- 1900s America – By the 1920s, ceiling fans became commonplace in the U.S. By the 1960s, they fell out of vogue as air conditioning became widespread in the U.S ., but remained popular internationally, particularly in countries where the electrical infrastructure was not sufficient to support the level of energy consumption required by AC units.
Ceiling fans experienced a resurgence in popularity in the 1980s when energy efficiency became a major concern in the U.S. Today, many homes use ceiling fans along with AC units as an energy efficient cooling solution.
The Development of Air Conditioning
What we recognize today as an HVAC unit was developed in the early 1900s by inventor Willis Carrier. Carrier developed a machine that sent air through water cooled coils. Carrier’s machine wasn’t intended to cool homes and buildings—Carrier was trying to control humidity in a printing plant where he was employed.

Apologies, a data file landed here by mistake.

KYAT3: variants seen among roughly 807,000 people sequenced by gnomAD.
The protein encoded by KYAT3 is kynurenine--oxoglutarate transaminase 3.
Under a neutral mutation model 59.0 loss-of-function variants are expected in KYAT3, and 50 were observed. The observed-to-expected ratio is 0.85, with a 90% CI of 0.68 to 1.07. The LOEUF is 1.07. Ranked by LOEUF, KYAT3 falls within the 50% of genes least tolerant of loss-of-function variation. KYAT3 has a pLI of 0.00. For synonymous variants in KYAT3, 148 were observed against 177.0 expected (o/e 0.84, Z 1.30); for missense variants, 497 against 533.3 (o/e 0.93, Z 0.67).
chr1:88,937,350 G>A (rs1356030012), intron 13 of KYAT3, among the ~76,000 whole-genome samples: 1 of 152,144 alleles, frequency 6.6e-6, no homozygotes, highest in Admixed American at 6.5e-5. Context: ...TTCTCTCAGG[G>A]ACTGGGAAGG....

Carrier saw the potential in his device and made further innovations, and today’s units which use pressurized coolants to remove heat from buildings were the eventual result. Other manufacturers continued refining the concept. Frigidaire developed a split-system room cooler in the 1920s, and General Electric later refined this design, developing a self-contained room cooler.
In the 1930s, manufacturers began combining the concepts pioneered by Carrier with refrigeration technology to create what we recognize today as air conditioning units. General Motors engineers began using chlorofluorocarbon coolants to create a system that cooled buildings by moving heat from inside to the outside.